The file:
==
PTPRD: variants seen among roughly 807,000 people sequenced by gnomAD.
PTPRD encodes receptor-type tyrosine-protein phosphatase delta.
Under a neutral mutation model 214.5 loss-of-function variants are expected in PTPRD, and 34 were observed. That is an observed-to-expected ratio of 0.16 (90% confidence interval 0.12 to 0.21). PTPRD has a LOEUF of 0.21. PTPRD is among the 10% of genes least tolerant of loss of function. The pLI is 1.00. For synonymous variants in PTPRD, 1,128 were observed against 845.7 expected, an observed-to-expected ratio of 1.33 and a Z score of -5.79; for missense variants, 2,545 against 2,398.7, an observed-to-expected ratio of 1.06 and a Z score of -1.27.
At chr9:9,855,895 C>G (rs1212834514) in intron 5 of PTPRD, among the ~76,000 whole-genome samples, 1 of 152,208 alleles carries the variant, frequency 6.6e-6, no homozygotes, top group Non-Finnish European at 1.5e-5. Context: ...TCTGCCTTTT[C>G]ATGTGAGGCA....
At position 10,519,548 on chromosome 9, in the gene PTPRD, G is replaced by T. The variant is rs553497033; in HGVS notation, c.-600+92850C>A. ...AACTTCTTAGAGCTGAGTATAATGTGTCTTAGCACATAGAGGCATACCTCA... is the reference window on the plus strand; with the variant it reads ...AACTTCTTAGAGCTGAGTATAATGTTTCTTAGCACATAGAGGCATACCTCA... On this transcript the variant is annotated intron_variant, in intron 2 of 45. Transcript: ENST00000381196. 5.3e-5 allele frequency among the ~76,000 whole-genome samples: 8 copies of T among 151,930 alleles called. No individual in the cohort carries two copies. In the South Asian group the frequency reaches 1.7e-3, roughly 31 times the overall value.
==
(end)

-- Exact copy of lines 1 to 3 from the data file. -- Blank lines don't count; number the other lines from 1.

PTPRD: variants seen among roughly 807,000 people sequenced by gnomAD.
PTPRD encodes receptor-type tyrosine-protein phosphatase delta.
Under a neutral mutation model 214.5 loss-of-function variants are expected in PTPRD, and 34 were observed. That is an observed-to-expected ratio of 0.16 (90% confidence interval 0.12 to 0.21). PTPRD has a LOEUF of 0.21. PTPRD is among the 10% of genes least tolerant of loss of function. The pLI is 1.00. For synonymous variants in PTPRD, 1,128 were observed against 845.7 expected, an observed-to-expected ratio of 1.33 and a Z score of -5.79; for missense variants, 2,545 against 2,398.7, an observed-to-expected ratio of 1.06 and a Z score of -1.27.